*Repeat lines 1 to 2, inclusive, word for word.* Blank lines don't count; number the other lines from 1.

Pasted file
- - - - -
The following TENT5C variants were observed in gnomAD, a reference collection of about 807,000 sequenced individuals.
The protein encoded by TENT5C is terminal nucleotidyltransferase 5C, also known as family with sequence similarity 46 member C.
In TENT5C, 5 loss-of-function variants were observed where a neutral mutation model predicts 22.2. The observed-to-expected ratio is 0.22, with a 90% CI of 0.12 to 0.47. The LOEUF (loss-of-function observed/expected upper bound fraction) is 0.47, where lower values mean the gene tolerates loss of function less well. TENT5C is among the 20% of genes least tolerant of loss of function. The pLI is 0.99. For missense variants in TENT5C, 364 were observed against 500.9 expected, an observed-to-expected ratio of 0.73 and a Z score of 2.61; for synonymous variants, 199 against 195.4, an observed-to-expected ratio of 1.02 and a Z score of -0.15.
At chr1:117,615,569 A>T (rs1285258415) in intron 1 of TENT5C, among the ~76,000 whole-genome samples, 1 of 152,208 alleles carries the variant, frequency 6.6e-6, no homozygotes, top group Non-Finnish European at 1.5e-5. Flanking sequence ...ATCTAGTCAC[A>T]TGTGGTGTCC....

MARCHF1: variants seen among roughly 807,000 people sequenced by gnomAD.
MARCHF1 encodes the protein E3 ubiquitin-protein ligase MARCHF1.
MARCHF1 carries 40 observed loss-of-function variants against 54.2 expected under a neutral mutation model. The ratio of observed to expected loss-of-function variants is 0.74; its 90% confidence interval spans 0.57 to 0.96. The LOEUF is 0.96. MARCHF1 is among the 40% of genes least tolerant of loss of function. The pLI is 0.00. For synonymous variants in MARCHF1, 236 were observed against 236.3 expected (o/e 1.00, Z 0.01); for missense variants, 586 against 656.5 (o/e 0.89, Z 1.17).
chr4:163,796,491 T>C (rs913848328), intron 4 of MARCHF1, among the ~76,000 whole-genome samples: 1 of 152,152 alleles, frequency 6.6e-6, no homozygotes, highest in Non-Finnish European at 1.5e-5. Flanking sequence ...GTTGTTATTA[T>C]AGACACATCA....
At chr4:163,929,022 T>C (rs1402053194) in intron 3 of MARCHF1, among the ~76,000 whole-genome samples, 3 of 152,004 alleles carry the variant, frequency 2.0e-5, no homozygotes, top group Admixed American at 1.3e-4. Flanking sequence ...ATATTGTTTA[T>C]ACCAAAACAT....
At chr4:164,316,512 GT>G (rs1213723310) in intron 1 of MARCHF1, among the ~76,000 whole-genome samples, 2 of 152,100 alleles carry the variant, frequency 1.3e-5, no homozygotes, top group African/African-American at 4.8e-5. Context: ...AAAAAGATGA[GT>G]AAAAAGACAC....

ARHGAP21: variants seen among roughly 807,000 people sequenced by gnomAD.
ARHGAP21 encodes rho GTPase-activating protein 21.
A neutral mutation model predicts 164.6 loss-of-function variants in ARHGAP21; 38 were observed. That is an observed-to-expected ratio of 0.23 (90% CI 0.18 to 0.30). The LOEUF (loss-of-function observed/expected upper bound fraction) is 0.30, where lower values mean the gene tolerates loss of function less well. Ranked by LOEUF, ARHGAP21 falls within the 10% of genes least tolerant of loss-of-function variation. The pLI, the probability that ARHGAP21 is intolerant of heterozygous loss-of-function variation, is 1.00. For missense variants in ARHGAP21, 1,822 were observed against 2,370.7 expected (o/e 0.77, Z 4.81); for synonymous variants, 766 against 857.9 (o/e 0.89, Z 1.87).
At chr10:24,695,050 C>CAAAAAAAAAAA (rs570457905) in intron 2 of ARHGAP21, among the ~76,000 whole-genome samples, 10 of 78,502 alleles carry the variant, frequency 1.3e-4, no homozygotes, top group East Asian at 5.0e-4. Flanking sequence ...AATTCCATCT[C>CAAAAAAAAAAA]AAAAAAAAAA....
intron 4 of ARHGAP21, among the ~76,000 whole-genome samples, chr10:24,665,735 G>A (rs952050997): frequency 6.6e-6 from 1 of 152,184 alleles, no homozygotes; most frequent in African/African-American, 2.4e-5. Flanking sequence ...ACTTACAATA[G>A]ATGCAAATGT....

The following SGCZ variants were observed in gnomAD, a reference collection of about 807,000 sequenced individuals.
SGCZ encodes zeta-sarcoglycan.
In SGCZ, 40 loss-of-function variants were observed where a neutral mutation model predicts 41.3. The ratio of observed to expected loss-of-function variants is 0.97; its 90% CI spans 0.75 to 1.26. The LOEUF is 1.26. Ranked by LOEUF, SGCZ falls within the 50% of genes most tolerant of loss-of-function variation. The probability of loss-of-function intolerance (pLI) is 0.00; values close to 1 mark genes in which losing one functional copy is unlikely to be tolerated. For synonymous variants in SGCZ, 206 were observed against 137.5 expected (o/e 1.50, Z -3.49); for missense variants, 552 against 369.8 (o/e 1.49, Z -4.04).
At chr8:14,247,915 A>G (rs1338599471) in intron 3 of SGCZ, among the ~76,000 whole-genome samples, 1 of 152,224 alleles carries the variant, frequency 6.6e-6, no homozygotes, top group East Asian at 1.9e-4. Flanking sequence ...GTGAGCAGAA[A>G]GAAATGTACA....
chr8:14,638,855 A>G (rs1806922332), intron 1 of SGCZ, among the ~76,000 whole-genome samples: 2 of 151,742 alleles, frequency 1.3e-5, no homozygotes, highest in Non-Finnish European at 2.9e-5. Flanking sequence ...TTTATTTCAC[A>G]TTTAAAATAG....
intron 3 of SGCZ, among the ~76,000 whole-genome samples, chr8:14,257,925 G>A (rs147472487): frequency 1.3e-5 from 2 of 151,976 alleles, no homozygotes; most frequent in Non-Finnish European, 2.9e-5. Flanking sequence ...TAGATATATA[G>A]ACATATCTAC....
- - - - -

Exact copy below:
The following TENT5C variants were observed in gnomAD, a reference collection of about 807,000 sequenced individuals.
The protein encoded by TENT5C is terminal nucleotidyltransferase 5C, also known as family with sequence similarity 46 member C.